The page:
One of the best jazz vocal groups to emerge from the 1990s, New York Voices is marking their 25th anniversary with a live CD, Live with the WDR Big Band Cologne. Originally recorded in Germany in 2008, the album features the quartet in fine voice backed by one of the best jazz ensembles in the genre. Instead of performing only jazz standards, New York Voices selects an intriguing mix of jazz, modern classics, and a few original compositions, all adding up to an evening resplendent with technical prowess.
Kim Nazarian, Lauren Kinhan, Darmon Meader and Peter Eldridge clearly admire Paul Simon’s poetic, category-defying music, and he is represented here through “Baby Driver” and a gorgeous rendition of “I Do It for Your Love.” On both tracks — and on every other cut — the WDR Big Band Cologne serves as an equal attraction, their arrangements and subtle backing simply breathtaking. On numbers like Annie Lennox’s “Cold,” the band demonstrates their ability to play blues as well as traditional jazz.
As their name suggests, New York Voices is about tight, complicated harmonies, and they showcase their talents on an a cappella version of “Almost Like Being in Love.” Just listen to the introduction of “In the Wee Small Hours of the Morning,” and revel in their extremely sophisticated harmonies. After this quiet beginning, the band kicks in full force as the group’s perfect vocal blend scats over the saxophone solo. They also swing on “Love Me or Leave Me,” the powerful horn section egging on the quartet.
A few original tunes succeed in this setting, such as the Eldridge-penned “The World Keeps You Waiting.” A mentor and frequent collaborator of jazz chanteuse Jane Monheit, Eldridge possess a gift for writing contemporary jazz tailored to a specific vocalist’s strengths. Here, he co-authored the tune with Kinhan, and her lead vocals effortlessly glide over some unusual chord changes.
Unlike other concert performers, New York Voices demands undivided attention from their listeners. Their four-part harmonies work together in ways seemingly simple to the “naked ear,” but a closer listen reveals otherwise. Most of the songs on Live with the WDR Big Band Cologne clock in at over six minutes, with two surpassing the ten minute mark (“Stolen Moments” and the Eldridge/Meader-penned “The Sultan Fainted”). Their renditions resemble meditations more than just basic performances. The New York Voices members leisurely explore every melody, linger over lush chords, and expand upon moods and themes already present in the lyrics. With the Big Band’s intricate and precise backing — Michael Abene serves as musical director, principal arranger and conductor — they group invites the audience to appreciate jazz on a technical level rather than simply an emotional one. Need another example of their advanced vocal skills? Look no further than their rendition of James Van Heusen’s “Darn That Dream,” a track featuring a challenging melody that the group navigates with apparent ease.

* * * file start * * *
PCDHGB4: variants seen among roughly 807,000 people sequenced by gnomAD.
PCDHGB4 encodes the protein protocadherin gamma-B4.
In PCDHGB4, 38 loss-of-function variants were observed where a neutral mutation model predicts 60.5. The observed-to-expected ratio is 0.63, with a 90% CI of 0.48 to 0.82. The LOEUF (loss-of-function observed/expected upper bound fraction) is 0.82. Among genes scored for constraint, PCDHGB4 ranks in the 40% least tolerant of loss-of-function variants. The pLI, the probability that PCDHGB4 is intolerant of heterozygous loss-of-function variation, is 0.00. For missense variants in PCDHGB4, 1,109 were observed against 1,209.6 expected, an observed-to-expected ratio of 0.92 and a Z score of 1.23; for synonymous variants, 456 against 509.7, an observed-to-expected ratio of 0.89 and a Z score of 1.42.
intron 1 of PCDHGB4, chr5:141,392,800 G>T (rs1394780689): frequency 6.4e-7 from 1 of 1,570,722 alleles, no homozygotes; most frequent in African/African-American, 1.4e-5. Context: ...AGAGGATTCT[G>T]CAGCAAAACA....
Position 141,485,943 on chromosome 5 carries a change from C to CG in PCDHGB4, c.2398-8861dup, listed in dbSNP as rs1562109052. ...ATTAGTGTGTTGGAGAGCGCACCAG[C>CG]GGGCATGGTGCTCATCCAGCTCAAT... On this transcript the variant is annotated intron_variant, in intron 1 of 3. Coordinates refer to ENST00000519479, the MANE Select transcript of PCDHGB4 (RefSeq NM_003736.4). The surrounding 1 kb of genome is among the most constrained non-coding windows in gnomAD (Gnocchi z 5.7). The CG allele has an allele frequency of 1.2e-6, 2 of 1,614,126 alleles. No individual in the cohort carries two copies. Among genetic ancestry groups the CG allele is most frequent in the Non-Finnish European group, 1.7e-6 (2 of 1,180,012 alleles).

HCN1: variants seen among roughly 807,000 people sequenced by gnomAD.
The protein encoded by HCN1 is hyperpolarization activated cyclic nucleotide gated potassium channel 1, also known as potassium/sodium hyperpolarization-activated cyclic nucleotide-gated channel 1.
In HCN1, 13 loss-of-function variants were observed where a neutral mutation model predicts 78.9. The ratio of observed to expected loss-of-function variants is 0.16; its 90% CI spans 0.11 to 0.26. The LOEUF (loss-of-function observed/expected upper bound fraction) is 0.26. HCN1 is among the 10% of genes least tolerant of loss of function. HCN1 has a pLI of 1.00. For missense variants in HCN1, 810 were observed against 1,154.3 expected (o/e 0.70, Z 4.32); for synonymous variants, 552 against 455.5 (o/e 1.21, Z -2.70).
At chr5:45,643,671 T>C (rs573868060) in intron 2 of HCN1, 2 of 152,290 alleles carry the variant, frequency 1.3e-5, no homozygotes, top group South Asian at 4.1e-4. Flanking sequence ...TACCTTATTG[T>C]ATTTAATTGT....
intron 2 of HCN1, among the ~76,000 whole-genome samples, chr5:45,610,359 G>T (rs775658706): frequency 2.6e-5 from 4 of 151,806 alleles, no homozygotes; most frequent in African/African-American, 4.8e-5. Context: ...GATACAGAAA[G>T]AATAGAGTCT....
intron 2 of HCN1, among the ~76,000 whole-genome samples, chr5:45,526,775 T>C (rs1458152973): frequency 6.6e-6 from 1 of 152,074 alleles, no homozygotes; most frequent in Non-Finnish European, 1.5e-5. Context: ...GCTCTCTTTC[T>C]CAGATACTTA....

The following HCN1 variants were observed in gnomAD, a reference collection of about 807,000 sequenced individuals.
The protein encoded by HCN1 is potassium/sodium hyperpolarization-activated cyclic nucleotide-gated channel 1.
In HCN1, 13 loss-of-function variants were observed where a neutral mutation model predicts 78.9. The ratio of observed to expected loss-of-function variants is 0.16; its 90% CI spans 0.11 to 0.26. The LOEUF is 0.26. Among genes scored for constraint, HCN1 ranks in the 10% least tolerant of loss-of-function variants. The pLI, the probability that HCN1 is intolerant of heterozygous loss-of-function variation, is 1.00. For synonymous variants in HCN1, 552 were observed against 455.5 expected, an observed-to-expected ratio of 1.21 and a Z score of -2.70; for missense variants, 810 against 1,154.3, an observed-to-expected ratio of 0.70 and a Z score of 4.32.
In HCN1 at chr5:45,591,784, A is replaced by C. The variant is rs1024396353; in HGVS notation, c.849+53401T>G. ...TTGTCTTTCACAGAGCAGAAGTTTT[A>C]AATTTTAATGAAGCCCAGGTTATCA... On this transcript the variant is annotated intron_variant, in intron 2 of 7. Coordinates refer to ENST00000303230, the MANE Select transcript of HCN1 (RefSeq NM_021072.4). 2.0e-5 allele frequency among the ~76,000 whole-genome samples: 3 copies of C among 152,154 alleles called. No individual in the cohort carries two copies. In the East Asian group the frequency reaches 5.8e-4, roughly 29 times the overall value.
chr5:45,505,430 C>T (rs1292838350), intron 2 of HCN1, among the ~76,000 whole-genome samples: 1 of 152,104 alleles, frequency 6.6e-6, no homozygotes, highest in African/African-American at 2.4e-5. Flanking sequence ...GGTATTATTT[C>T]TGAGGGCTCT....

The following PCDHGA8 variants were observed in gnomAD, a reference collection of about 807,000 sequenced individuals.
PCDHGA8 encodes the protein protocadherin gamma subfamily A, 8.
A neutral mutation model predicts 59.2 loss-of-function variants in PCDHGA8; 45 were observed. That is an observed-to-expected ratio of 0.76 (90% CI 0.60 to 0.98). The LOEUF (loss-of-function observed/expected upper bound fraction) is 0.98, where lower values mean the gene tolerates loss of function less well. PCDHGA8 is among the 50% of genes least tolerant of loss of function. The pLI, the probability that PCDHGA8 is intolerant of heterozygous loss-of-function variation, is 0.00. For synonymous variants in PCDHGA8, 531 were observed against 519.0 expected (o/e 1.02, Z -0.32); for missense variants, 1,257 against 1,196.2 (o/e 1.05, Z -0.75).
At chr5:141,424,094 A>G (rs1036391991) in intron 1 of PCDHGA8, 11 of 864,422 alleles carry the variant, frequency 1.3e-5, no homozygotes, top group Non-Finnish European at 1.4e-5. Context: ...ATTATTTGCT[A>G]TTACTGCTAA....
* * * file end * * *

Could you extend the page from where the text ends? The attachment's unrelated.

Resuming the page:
The pairing of New York Voices with the superior WDR Big Band Cologne results in a thoroughly fascinating listening experience. It documents a performance that encourages the audience to think as well as feel, to deconstruct standards and hear the group reassemble the melodies and harmonies. The flawless Big Band serves them well, and enhances their tight vocal blend. Pick up Live with the WDR Big Band Cologne and appreciate how New York Voices has matured since their late-80s beginnings.
Latest posts by Kit O'Toole (see all)
- Deep Beatles: “Wait,” from Rubber Soul (1965) - February 28, 2014
- Deep Beatles: “Cry Baby Cry” from The Beatles (1968) - February 14, 2014
- Deep Beatles: “Free as a Bird” from Anthology 1 (1995) - January 31, 2014